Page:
Dr. Nick Monson, sports medicine expert at University of Utah Health, discusses these findings and suggests simple changes you can make to get the most out of your athlete’s training.">

Mar 8, 2017 — When your child gets serious about becoming competitive in a sport, it may be tempting to dedicate all their time and energy to that one sport. However, recent research points towards the importance of cross-training in young athletes to minimize physical and psychological burnout. Dr. Nick Monson, sports medicine expert at University of Utah Health, discusses these findings and suggests simple changes you can make to get the most out of your athlete’s training.

Interview

Announcer: Need reliable health and wellness information? Don't listen to the guy in the cube next to you. Get it from a trusted source, straight from the doctor's mouth. Here's this week listener question on The Scope.

Interviewer: All right, this listener question is about youth specializing in a particular sport. This is from a parent who is wondering. They said that their kid just loves football and that's what they want to specialize in. So they want to do everything, the football camps, playing football. This parent doesn't think that that's necessarily a good idea and wants to know if that is the case. We've got an expert here to tell us. Nick Monson is a sports medicine expert here at University of Utah Health Care. Dr. Monson, what about this notion of kids specializing in just one sport, playing just one thing?

Dr. Monson: Yeah, we're getting just mounds of data on this issue. We're watching a lot of burnout in the younger athlete not only mentally but also physically. We have good evidence to show that we need to give a patient rest from a particular activity. Often for a baseball player I like to see three months where they're not out there throwing. That also means three months where they're not out there trying to be a quarterback because that's going to be the same type of motion that's going to cause that same wear and tear to their elbow or to their shoulder.

So doing a lot of different activities is what we were meant to do. It's how kids maintain that happiness and it's how they actually develop skills that they can translate into their sport of preference in the future as well. A baseball player should be able to enjoy swimming, or they should be able to enjoy playing basketball or picking up another outlet where they can maintain their health and their activity level but not causing the same overuse of their body.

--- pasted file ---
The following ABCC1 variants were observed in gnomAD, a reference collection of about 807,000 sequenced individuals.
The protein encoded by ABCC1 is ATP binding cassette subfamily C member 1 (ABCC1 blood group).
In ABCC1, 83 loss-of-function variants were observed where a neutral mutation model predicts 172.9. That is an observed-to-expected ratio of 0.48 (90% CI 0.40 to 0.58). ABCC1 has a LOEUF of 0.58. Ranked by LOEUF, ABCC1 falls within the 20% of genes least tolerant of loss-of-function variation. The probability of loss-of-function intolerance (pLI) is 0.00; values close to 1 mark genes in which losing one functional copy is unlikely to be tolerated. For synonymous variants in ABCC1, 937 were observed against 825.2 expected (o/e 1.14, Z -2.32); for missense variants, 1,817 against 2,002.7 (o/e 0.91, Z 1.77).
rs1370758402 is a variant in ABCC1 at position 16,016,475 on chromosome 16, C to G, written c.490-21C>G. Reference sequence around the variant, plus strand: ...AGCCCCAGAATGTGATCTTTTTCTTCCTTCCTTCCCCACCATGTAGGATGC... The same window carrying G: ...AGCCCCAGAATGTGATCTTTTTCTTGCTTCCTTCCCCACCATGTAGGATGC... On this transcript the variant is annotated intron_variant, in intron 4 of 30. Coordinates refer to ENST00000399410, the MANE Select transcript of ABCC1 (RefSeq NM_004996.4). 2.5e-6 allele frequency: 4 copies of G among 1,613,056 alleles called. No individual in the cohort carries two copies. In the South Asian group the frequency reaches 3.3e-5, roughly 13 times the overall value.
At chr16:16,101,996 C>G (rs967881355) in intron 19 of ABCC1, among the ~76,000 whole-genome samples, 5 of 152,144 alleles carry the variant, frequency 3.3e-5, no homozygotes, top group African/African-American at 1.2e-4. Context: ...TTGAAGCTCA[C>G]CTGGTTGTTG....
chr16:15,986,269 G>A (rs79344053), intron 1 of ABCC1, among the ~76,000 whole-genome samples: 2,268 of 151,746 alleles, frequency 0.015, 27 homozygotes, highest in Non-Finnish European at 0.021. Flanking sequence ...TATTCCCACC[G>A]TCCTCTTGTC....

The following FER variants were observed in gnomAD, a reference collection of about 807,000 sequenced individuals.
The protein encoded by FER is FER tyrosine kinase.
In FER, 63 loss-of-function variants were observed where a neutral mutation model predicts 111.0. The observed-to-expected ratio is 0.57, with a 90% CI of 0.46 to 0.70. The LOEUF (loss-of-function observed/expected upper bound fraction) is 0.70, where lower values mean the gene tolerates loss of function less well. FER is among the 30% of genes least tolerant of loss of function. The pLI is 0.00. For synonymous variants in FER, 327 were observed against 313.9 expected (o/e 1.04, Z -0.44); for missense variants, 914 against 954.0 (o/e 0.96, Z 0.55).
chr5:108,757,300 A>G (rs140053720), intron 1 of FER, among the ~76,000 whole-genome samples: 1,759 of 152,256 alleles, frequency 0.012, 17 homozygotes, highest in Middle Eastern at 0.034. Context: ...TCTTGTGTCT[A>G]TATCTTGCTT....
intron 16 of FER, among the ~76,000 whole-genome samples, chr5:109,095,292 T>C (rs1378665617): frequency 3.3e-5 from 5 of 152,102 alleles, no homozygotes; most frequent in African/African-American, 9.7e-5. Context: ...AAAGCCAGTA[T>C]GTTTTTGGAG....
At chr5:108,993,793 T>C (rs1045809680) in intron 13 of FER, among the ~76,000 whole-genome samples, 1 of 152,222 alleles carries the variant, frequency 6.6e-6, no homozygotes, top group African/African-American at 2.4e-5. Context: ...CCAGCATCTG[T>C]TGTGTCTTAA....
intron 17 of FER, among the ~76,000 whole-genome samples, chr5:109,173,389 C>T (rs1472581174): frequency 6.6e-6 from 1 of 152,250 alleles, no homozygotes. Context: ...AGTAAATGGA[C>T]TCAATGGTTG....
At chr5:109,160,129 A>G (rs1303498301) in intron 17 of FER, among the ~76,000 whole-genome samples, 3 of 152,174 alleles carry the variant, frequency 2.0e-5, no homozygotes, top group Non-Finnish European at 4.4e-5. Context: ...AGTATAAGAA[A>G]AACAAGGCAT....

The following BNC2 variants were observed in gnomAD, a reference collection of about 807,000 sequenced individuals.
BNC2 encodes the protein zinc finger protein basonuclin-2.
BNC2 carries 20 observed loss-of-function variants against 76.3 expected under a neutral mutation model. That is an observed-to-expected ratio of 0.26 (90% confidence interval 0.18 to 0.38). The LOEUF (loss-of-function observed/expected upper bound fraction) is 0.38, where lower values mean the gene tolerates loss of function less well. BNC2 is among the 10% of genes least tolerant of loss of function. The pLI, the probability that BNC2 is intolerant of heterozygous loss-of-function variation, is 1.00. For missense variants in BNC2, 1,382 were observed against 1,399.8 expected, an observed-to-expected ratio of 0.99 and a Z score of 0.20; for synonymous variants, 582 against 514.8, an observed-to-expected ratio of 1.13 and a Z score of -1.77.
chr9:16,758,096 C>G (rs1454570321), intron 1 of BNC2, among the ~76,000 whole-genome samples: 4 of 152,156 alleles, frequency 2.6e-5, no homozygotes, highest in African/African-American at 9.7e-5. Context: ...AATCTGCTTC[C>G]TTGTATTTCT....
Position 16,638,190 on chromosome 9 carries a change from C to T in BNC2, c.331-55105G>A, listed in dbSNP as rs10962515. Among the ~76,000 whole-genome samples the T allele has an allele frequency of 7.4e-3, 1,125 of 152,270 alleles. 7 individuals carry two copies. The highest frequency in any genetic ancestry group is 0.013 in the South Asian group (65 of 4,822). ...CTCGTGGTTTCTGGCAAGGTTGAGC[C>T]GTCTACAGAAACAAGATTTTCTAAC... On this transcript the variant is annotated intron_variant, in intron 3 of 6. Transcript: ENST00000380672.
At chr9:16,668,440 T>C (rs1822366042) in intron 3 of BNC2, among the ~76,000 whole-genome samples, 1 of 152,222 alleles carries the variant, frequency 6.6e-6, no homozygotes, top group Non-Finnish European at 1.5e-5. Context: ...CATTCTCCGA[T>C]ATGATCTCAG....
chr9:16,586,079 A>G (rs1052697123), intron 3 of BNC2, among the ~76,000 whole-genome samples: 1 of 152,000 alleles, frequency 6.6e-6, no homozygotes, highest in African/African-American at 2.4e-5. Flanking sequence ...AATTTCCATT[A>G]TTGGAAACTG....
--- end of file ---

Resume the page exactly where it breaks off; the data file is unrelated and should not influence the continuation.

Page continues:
Interviewer: Because it seems to me that the kind of common thought might be well if I want to get really great at this sport I need to really practice this sport. But, what you're saying is especially in kids if they do that they could actually hurt themselves.

Dr. Monson: Yeah, undoubtedly.

Interviewer: More so than an adult could?

Dr. Monson: Yeah. Well, you know, I think part of the problem is as a kid you're so heavily influenced by your parents' desires for what they want you to do. You're influenced by what you want to do at that age as well. But, you don't always have the best intuition as to what you're feeling or as to what is healthy or safe for you. So the parents play a very big role in that situation of helping mold their kids into the athlete that they want to be and that they foresee their child being as well.

You know, no doubt every parent thinks their kid is going to play in the NFL, and some of those kids actually do. They just have to make sure that when they're training and practicing and growing their abilities that they're doing that in a safe manner, which we know is done by not just one sport but in multiple activities.

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